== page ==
The Board certifies under 49 U.S.C. 605(b) that this proposed rule, if promulgated, will not have a significant economic impact on a substantial number of small entities within the meaning of the Regulatory Flexibility Act. The proposed notice requirement would require trail sponsors and railroads to file a notice with the Board when they have reached an interim trail use agreement. Some trail sponsors may qualify as a small entity, in that they may be a “small organization” within the meaning of 5 U.S.C. 601(4) or a “small governmental jurisdiction” within the meaning of 5 U.S.C. 601(5). Some railroads may qualify as a “small business” within the meaning of 5 U.S.C. 601(3). However, the proposed notice that would be required here should involve little time and expense to draft and file, and thus should have little economic impact on a small-entity filer. The requirement is limited to only those small entities or small businesses who might be parties to interim trail use agreements. It therefore will not impact a substantial number of small entities.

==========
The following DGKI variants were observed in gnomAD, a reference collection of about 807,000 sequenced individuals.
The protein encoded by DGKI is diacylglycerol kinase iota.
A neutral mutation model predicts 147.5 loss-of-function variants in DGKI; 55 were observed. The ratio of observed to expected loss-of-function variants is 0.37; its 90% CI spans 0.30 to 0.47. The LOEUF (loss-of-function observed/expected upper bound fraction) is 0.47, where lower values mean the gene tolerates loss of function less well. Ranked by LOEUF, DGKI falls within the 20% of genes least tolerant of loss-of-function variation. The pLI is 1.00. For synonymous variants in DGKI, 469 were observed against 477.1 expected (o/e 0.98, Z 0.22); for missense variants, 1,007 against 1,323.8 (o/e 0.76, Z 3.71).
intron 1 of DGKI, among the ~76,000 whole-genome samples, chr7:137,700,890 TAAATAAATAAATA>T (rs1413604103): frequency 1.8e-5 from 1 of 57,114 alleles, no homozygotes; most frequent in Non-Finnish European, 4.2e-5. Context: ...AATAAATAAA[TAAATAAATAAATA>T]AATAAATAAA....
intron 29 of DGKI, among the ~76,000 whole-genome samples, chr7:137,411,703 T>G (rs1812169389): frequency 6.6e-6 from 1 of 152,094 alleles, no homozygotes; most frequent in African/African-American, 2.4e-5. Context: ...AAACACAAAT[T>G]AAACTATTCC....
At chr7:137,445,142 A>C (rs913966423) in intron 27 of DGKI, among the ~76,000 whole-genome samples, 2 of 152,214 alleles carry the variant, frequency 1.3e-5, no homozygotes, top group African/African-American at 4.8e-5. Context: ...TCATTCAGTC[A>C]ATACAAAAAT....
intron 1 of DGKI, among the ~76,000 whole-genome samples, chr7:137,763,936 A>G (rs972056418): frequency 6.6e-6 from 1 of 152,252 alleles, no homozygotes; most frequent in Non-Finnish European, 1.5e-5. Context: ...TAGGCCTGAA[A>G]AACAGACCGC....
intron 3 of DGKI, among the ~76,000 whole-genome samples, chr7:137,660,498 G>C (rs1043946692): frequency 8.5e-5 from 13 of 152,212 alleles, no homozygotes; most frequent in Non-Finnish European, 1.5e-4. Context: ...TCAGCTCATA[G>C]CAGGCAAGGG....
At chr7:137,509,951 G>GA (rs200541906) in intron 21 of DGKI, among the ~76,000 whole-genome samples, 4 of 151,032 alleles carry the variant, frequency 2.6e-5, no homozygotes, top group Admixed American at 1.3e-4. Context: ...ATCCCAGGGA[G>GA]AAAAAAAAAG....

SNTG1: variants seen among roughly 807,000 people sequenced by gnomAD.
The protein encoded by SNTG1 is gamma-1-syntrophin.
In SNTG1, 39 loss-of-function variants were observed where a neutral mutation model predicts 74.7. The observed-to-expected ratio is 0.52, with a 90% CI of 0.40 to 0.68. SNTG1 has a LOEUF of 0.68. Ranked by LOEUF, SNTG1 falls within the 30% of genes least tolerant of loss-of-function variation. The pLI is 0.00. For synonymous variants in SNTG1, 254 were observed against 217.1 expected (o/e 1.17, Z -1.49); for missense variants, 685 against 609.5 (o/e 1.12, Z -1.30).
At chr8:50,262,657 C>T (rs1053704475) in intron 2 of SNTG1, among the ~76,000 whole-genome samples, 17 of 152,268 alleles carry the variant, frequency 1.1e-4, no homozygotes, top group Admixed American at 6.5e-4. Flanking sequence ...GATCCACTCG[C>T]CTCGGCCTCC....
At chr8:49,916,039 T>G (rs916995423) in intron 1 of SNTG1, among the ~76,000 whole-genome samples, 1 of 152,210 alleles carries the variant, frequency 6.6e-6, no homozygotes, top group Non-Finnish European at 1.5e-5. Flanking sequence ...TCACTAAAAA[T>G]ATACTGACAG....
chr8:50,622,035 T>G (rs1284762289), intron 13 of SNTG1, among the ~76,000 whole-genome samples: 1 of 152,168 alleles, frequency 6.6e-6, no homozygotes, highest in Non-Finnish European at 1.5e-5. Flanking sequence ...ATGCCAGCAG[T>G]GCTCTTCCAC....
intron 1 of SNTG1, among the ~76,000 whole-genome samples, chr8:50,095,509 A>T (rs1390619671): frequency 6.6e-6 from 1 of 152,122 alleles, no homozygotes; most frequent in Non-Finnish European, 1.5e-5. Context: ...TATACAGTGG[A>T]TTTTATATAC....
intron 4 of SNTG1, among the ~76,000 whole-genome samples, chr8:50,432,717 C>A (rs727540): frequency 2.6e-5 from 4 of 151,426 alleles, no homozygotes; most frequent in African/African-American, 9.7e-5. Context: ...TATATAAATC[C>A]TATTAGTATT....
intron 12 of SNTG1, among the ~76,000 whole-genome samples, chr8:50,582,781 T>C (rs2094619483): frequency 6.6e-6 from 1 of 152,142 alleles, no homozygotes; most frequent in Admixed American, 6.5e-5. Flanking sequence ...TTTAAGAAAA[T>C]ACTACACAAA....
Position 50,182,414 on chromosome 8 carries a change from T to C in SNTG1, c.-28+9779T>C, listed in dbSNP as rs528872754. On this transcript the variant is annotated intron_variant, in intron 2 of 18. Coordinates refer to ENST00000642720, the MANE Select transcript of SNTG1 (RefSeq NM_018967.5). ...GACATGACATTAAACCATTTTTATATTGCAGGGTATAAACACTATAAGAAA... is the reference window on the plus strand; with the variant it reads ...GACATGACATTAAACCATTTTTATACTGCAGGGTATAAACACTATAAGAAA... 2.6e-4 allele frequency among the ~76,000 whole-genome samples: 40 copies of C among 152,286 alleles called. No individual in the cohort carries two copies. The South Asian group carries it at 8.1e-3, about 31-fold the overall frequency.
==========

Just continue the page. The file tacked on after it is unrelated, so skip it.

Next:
Pursuant to the Paperwork Reduction Act (PRA), 44 U.S.C. 3501-3519, and Office of Management and Budget (OMB) regulations at 5 C.F.R.  1320.8(d)(3), the Board also seeks comments regarding: (1) whether the particular collection of information described below is necessary for the proper performance of the functions of the Board, including whether the collection has practical utility; (2) the accuracy of the Board’s burden estimates; (3) ways to enhance the quality, utility, and clarity of the information collected; and (4) ways to minimize the burden of the collection of information on the respondents, including the use of automated collection techniques or other forms of information technology, when appropriate. Information pertinent to these issues is included in Appendix B. These proposed rules are being submitted to OMB for review as required under the PRA, 44 U.S.C. 3507(d) and 5 C.F.R. 1320.11. Comments on the four questions prescribed above should be submitted to the Board, in accordance with the comment period described below.